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Last year, in addition to being under a tight deadline, I was working with a very tight budget. Consequently, I compromised on stone walkways, opting for “pool sand,” which turned out to be a mistake (soft underfoot and sticks to shoes). A year later, I am ready to fix it and am trying to decide between dry or wet construction.

Dry construction vs. wet construction. What is the difference?

stone walkways, dry construction, wet construction

Dry Construction Detail

Laying stone walkways in sand, as opposed to mortar or concrete, is known as “dry construction.” Dry construction allows you not to worry about finishing the placement of the stones while mortar is malleable, before it hardens. You can make adjustments as you go, without feeling rushed. However, stone walkways laid in sand can shift and will have to be re-adjusted over the years. Greater mass equals greater stability.

stone walkways, dry construction, wet construction

Wet Construction Detail

“Wet construction,” on the other hand, refers to setting the slabs of stone in a bed of mortar. It results in a solid, rigid, impermeable surface.  It is long lasting and durable, however it can be more difficult and/or costly to repair or reset if necessary.

stone walkways, dry construction, wet construction

“Pool Sand” vs. Arizona Moss Flagstone

I am on the fence. In the process of interviewing potential installers and getting estimates, I discuss both options with them. One is leaning toward “wet construction.” It is more profitable: more labor-intensive and time-consuming. That’s precisely the reason my preference would be “dry construction.” But I want to do it right!

The other one, as soon as he arrives and takes one look at the garden, tells me that it should be “dry construction.” However, in order to simplify his job, he tries to convince me that the joints should be wide. That’s not what I want.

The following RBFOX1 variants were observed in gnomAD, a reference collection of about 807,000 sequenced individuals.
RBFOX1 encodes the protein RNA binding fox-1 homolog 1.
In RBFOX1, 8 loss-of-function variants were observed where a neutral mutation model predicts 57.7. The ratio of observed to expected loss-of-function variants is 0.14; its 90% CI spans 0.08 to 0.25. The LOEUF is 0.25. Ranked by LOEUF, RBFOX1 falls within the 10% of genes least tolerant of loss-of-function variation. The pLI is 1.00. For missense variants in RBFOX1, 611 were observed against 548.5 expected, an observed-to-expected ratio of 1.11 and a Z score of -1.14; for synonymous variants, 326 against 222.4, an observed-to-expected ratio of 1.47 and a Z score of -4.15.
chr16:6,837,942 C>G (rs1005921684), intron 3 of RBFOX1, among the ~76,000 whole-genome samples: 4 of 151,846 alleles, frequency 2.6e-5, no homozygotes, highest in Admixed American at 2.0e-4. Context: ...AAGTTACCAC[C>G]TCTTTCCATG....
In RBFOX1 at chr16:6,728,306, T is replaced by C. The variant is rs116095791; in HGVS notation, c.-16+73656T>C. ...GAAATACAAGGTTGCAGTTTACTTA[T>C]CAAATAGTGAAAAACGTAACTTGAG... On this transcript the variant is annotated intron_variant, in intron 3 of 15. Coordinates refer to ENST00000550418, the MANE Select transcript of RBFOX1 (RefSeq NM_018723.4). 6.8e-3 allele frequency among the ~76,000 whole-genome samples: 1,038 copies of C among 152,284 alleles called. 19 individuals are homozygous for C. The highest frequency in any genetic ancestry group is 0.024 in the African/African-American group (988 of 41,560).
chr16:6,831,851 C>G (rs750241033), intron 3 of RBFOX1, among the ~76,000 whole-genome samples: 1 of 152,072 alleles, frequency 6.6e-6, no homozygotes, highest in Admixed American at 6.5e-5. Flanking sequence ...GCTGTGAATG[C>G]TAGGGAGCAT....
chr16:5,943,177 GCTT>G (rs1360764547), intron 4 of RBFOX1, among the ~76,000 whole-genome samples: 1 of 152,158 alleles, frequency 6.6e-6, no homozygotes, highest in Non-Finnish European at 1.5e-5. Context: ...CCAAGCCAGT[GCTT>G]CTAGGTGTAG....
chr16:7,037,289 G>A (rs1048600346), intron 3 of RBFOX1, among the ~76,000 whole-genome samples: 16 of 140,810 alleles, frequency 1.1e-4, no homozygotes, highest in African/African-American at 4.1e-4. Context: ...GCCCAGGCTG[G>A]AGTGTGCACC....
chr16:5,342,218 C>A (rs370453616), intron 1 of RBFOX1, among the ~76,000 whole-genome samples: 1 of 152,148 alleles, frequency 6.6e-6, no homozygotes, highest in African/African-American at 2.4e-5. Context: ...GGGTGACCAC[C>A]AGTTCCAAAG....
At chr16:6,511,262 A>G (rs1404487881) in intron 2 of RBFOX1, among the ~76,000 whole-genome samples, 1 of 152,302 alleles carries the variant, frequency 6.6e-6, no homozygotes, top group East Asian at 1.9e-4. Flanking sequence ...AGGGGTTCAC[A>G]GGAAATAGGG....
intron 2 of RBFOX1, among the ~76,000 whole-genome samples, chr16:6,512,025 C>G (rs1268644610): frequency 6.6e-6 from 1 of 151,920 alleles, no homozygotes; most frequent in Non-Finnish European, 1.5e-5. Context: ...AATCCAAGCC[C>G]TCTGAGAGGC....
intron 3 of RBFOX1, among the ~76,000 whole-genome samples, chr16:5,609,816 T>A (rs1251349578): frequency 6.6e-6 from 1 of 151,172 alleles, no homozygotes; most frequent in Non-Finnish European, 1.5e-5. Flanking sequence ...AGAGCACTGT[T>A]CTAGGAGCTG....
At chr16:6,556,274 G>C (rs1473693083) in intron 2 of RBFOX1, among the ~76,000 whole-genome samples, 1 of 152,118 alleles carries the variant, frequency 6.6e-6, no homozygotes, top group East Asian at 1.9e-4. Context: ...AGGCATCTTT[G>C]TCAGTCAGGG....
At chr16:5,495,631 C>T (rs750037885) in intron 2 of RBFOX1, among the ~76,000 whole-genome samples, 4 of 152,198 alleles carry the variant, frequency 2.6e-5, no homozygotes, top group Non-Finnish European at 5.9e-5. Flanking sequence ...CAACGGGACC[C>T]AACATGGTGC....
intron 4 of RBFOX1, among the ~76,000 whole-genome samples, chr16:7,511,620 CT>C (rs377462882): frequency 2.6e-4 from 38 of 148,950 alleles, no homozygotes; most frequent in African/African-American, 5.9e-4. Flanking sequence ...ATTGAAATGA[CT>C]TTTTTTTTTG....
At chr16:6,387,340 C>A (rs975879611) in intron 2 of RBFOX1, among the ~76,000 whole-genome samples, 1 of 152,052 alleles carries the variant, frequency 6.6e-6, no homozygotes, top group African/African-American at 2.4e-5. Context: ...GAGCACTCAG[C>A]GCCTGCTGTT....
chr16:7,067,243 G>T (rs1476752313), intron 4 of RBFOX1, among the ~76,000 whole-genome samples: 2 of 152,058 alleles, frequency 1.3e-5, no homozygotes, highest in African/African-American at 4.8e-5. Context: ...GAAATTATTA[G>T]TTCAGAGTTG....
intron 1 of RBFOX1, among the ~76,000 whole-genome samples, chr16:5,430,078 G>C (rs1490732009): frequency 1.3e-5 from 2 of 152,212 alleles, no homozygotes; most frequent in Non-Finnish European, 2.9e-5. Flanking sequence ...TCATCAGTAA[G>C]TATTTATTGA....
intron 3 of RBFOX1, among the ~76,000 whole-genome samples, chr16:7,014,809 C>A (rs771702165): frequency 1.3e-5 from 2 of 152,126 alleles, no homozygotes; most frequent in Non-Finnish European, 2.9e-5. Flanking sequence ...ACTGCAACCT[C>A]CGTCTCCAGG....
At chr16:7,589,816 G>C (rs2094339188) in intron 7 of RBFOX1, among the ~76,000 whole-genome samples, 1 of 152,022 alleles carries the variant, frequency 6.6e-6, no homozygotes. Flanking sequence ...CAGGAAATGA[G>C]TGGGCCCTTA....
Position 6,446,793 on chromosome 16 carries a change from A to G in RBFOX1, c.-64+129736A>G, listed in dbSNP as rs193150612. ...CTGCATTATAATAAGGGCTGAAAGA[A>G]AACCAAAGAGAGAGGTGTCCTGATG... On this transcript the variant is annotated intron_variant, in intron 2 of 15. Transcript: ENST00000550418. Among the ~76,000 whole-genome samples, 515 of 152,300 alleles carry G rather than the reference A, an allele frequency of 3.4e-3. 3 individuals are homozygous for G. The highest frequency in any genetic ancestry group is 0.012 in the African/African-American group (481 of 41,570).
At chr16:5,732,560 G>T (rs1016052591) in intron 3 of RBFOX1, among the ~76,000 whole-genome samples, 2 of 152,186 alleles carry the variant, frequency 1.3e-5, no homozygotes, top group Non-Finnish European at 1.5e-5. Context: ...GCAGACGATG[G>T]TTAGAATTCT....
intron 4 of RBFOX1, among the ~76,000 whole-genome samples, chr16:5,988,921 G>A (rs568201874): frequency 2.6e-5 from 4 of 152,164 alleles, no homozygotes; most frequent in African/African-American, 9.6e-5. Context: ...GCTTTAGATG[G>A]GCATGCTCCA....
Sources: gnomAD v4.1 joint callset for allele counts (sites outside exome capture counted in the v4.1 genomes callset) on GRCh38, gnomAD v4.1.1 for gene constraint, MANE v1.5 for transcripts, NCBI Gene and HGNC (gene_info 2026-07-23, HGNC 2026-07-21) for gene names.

Regardless of construction, stone walkways should have consistent joints

I like tighter joints for aesthetic reasons. Besides, stones set close together prevent accidental trips and make walking easier. One installer assures me that I can achieve a ½” gap between slabs of stone that can be filled with decomposed granite (DG). The other one insists that 11/2” is the minimum. Actually, that’s more realistic. I can live with that.

In the next “Passion for Details” post, I will share the outcome of my stone walkway: dry construction or wet construction dilemma. Meantime, send me your questions, whatever the project you are working on. I am your DIY Ally!


  • Mia Kazovsky
    March 31, 2016

    Very nice and educational post! I am looking forward to the next “Passion for Details” post!

    • Alla DIY Ally
      March 31, 2016

      Thank you, Mia!!! You and I share a passion for details. Hopefully, the work will be done soon and I will report back on the outcome. Good luck with your own projects.

      • Mia Kazovsky
        April 1, 2016

        Thank you! I have some cool DIY home projects to work on this weekend!

        • Alla DIY Ally
          April 1, 2016

          Great! i’d love to hear about them! Have fun.

  • April 9, 2016

    From my experience, I vote for dry! I did a portion of our back yard about six years ago. Really not that difficult, and very forgiving. Two years ago it was put to a repair test due to a tree root pushing some of the pavers up and the repair was much easier than I expected.

    I also prefer smaller gaps!

    • Alla DIY Ally
      April 9, 2016

      York!!! Great minds think alike! Thank you for sharing.

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